Dr. Peter Tse, a cognitive neuroscientist at Dartmouth College, is an expert on the subject of freedom. His book, The Neural Basis of Free Will: Criterial Causation, is divided not only into chapters but into numbered paragraphs within the chapters—presumably to make referencing as easy and specific as possible. Given its 473 pages and the complexity of the topic, this is indeed very good.
Peter Tse on ‘Freedom within Constraints’ vs ‘Freedom from Constraint’
Although he is a cognitive neuroscientist, the need to make distinctions—even in philosophical terms—is not lost on Tse. In an online course, “Libertarian Free Will: Neuroscientific and Philosophical Evidence,” he makes multiple distinctions, but one of the more thought-provoking ones is about “freedom within constraints” vs “freedom from constraint.” It centers on a story from his childhood. His father was from China and his mother was from Germany. For Tse, this story captures these two views of freedom, he says probably based on cultural attitudes.
Dr. Peter Tse, CC BY-SA 4.0 / via Wikimedia Commons
One day his father came home and announced “Peter is going to learn the violin.” His mother responded by looking at their 5-year-old son and asking, “Peter, do you want to learn the violin?” Delighted to have an ally against what he viewed as torture, he responded, “No way, I hate the violin and you can’t make me!” Startled and somewhat angry, the father asked, “Why did you ask him that? Do you ask him if he wants to brush his teeth?” She responded, “Well, isn’t it his choice? Doesn’t he have free will?” Dr. Tse goes on to explain why he views this as a tragic story: This story is tragic because I won, and never learned the violin.
My mother emphasized self-determination and freedom from constraint, whereas my father emphasized the imposition of his will for my own good, in order to foster eventual freedom within constraint, namely, mastery of the violin. (emphasis added)
So although taking violin lessons would have restricted his freedom, it would have resulted in the mastery of a skill.
Applying Dr. Peter Tse’s “Freedom From” and “Freedom For” to the Discipline of Lent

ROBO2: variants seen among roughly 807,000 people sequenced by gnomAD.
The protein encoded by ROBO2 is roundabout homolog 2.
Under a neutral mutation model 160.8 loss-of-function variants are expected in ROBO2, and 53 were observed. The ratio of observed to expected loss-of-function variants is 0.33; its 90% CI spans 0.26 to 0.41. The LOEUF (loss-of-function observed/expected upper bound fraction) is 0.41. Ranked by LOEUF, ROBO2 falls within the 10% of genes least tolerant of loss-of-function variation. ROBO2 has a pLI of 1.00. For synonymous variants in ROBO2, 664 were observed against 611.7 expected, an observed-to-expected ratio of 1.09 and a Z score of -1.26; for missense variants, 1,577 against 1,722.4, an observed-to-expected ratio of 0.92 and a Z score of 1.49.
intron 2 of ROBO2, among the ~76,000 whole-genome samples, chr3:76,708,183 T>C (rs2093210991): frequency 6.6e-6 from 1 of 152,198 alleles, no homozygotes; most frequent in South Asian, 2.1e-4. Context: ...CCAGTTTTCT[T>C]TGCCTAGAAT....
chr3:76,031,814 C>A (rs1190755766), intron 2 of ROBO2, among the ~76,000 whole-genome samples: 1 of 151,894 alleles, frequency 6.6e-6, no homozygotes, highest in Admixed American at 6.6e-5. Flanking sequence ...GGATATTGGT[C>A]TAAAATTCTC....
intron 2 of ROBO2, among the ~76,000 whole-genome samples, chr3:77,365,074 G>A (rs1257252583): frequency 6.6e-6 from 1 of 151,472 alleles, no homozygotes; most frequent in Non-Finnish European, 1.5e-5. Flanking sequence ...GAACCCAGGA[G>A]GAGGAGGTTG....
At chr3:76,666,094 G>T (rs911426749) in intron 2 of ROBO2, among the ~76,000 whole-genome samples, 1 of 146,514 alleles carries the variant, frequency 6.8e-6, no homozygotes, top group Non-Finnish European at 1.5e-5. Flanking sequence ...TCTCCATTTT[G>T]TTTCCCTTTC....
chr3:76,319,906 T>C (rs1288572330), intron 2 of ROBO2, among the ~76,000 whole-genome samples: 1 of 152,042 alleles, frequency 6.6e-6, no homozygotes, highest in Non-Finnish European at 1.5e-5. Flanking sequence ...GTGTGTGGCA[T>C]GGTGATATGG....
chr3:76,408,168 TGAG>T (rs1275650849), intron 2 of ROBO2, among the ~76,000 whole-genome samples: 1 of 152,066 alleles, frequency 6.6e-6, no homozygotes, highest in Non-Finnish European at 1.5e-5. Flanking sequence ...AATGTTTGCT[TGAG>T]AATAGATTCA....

This view of freedom can go a long way to change our attitude toward constraints of any kind, especially those we find annoying or distasteful. “Constraints” that we might be considering for Lent.
Like getting up as soon as your alarm goes off. Like controlling your temper, your complaining, or withholding that unkind word or judgment about someone you dislike. Like cheerfully responding to the needs of others before tending to your own (a seemingly perpetual state of affairs when you are a parent!), or being patient with an annoying habit of your spouse. Like finishing the chore you promised to do before going to bed when you are exhausted. Like limiting yourself to one cup of coffee, having alcohol only on the weekends, or giving up sweets.
Some of us less ascetic types find these kinds of “constraints” hard to embrace.
But if we return to the story of Dr. Tse’s childhood, the lesson is clear.
Sometimes we have to give up our “freedom from constraint” because it's the only way to self-mastery.
If we master ourselves, we are free “for” whatever is the need of the moment. We can be ready to respond lovingly and thoughtfully to those who are in front of us and to those more distant neighbors (perhaps through our almsgiving) as God would have us do.
As we begin our Lenten journey, let’s remember what the disciplines and restrictions are for.
May your Lenten disciplines lead you to the ultimate freedom of the children of God.
If you want to learn more about Dr. Tse’s understanding of free will, the following interviews might be of interest: